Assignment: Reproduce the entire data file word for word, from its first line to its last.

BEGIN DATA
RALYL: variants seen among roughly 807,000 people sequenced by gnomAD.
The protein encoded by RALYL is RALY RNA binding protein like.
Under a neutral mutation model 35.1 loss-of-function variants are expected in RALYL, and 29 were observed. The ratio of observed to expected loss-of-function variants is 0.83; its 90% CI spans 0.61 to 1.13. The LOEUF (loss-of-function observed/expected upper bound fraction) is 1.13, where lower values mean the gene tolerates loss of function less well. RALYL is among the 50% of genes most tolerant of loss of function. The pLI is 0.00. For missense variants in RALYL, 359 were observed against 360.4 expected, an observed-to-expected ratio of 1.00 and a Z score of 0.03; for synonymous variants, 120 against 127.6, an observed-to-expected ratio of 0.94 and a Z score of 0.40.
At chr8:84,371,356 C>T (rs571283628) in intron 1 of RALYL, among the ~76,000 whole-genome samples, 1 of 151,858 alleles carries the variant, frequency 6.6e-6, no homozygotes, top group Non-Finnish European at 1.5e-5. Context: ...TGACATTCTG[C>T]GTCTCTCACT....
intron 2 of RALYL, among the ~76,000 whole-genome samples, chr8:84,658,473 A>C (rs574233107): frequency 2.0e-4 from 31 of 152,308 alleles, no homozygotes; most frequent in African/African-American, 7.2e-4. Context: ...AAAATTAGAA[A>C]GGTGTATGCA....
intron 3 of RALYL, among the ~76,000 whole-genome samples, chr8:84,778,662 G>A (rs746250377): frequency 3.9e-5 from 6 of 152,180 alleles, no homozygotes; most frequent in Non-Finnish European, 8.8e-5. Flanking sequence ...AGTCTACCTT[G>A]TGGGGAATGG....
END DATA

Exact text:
RALYL: variants seen among roughly 807,000 people sequenced by gnomAD.
The protein encoded by RALYL is RALY RNA binding protein like.
Under a neutral mutation model 35.1 loss-of-function variants are expected in RALYL, and 29 were observed. The ratio of observed to expected loss-of-function variants is 0.83; its 90% CI spans 0.61 to 1.13. The LOEUF (loss-of-function observed/expected upper bound fraction) is 1.13, where lower values mean the gene tolerates loss of function less well. RALYL is among the 50% of genes most tolerant of loss of function. The pLI is 0.00. For missense variants in RALYL, 359 were observed against 360.4 expected, an observed-to-expected ratio of 1.00 and a Z score of 0.03; for synonymous variants, 120 against 127.6, an observed-to-expected ratio of 0.94 and a Z score of 0.40.
At chr8:84,371,356 C>T (rs571283628) in intron 1 of RALYL, among the ~76,000 whole-genome samples, 1 of 151,858 alleles carries the variant, frequency 6.6e-6, no homozygotes, top group Non-Finnish European at 1.5e-5. Context: ...TGACATTCTG[C>T]GTCTCTCACT....
intron 2 of RALYL, among the ~76,000 whole-genome samples, chr8:84,658,473 A>C (rs574233107): frequency 2.0e-4 from 31 of 152,308 alleles, no homozygotes; most frequent in African/African-American, 7.2e-4. Context: ...AAAATTAGAA[A>C]GGTGTATGCA....
intron 3 of RALYL, among the ~76,000 whole-genome samples, chr8:84,778,662 G>A (rs746250377): frequency 3.9e-5 from 6 of 152,180 alleles, no homozygotes; most frequent in Non-Finnish European, 8.8e-5. Flanking sequence ...AGTCTACCTT[G>A]TGGGGAATGG....